The most direct answer is that a bipartisan crew of campus free speech advocates continues to mis-frame the stakes of the debate.  Key members of the liberal center have joined the political right in committing this important error.  The error is to cast universities as safe harbors for enemies of free speech in particular and of freedom in general--with administrators as their squishy enablers.

Every week, the situation gets a little more propagandized. On the right, the motive for affirming this fake story is obvious. Republicans have to control all three branches of the federal government and most state legislatures and governorships with only 1/3rd of the national electorate.   They have a sole economic strategy, which is a combination of deregulation and tax cuts that over the decades has directly hurt their middle class base without actually helping the economy.  To maintain minority rule on the basis of failed economic policy, they need to trot out enemies, and the university has been a stock culture-wars enemy for well over 50 years.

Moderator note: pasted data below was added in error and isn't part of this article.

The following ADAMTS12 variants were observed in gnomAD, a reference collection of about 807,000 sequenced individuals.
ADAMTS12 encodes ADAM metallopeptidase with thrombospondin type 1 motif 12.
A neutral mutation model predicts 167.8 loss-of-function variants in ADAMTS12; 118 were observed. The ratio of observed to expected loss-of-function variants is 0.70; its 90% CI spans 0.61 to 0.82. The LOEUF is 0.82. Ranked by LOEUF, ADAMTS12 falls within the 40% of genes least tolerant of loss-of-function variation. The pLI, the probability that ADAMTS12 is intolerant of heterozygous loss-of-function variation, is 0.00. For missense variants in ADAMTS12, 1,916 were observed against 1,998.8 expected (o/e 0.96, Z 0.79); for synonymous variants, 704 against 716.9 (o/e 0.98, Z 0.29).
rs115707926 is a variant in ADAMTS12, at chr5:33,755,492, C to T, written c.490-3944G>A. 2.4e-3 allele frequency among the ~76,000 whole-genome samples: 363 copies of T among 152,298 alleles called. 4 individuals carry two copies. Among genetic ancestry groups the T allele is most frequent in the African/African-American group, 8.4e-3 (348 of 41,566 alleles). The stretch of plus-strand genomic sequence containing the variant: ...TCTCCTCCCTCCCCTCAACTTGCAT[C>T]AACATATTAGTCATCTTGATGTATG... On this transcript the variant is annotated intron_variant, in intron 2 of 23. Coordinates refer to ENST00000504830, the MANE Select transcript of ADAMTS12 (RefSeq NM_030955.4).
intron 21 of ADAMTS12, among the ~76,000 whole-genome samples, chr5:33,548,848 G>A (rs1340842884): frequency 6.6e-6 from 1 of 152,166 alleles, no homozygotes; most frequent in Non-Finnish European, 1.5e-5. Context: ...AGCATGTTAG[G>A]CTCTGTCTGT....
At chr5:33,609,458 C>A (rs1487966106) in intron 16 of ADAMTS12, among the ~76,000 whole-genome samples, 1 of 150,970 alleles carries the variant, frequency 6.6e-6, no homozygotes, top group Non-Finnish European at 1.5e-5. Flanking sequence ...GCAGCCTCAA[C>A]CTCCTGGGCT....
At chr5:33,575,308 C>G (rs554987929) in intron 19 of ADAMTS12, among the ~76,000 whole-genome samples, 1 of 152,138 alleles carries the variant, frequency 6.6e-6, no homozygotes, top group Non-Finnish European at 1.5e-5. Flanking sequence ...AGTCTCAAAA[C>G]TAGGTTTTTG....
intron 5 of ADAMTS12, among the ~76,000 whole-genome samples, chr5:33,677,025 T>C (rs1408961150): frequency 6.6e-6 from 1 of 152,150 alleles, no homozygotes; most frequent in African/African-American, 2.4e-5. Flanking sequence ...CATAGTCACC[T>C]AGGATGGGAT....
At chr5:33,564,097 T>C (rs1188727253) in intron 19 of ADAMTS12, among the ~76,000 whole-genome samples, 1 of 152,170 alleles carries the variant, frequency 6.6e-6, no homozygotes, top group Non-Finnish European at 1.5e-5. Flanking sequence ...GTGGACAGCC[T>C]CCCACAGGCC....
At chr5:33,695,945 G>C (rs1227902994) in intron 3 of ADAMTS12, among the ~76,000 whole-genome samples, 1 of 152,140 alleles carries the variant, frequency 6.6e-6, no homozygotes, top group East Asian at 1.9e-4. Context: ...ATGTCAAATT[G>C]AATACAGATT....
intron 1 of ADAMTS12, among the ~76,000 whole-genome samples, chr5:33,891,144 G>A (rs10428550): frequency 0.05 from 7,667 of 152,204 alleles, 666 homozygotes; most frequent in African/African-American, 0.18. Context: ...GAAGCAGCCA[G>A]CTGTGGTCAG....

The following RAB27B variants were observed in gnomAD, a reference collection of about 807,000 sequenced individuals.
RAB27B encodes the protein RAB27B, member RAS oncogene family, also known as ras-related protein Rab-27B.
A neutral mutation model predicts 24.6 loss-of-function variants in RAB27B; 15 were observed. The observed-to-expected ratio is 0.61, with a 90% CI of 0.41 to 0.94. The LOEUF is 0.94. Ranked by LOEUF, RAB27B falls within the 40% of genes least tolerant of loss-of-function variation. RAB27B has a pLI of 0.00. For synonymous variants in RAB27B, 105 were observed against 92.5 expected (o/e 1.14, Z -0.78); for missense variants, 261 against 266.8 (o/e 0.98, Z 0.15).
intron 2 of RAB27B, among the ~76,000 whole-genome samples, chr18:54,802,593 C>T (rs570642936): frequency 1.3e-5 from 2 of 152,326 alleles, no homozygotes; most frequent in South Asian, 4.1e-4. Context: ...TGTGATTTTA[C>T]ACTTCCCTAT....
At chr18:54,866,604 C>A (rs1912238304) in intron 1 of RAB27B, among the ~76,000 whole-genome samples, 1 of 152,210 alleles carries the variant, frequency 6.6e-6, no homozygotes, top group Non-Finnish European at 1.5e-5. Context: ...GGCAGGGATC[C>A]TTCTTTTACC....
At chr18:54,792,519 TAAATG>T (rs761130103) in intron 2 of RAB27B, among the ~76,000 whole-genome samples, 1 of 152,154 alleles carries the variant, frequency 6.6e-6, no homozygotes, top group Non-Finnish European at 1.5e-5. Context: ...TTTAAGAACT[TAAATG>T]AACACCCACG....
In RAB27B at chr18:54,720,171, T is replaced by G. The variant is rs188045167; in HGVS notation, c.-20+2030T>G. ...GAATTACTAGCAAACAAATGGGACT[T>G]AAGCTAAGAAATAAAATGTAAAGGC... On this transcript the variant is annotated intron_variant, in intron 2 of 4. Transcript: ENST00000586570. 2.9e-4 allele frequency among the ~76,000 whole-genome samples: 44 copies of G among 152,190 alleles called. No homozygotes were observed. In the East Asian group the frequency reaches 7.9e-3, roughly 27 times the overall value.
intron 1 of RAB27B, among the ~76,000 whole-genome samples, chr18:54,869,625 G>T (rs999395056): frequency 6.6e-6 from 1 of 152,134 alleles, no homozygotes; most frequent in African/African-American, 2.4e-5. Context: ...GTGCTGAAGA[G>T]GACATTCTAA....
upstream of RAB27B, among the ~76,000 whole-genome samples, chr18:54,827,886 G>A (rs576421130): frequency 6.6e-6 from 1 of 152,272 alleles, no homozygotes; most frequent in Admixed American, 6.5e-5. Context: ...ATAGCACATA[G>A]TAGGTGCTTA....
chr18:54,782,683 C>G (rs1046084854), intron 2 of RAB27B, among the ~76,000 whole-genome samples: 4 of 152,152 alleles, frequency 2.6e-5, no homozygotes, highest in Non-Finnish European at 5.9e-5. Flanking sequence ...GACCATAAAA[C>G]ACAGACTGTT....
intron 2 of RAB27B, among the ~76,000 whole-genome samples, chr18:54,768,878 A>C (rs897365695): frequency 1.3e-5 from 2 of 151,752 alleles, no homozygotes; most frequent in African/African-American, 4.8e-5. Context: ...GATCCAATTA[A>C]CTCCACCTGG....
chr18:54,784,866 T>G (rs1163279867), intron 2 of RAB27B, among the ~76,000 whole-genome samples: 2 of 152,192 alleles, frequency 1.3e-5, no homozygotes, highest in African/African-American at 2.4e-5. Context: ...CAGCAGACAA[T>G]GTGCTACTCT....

In addition, now that "The Party of Lincoln Is the Party of Trump," Republicans need to sustain Trump's leadership moves--retaliation and abuse--while neutralizing their downside, which is retaliation and abuse, or, in other words, tyrant modalities in the service of what political scientist Jeffrey A. Winters describes as the country's "civil oligarchy."  They also need to keep people from noticing that their business agenda depends on secrecy and confusion,  which free speech standards would undermine were they applied to commerce.   For example, VP Mike Pence broke a tie on a Senate vote that forces victims of bank fraud back into private arbitration, where victims are not even allowed to talk about the problem for which they are seeking redress.  The Right protects commercial speech from disclosure while advocating it for public spaces, where the First Amendment does apply, and also for college campuses, whether or not it interferes with academic freedom.  In sponsoring speech that insults and upsets people, usually members of social minorities without power to retaliate, they can hope to trigger a backlash in which, Milo-style, they can play the victim.  When they do defend free speech for leftist professors, as the National Review did in the George Ciccariello-Maher case I also wrote about, they use it to describe college campuses as clubs for protected idiots.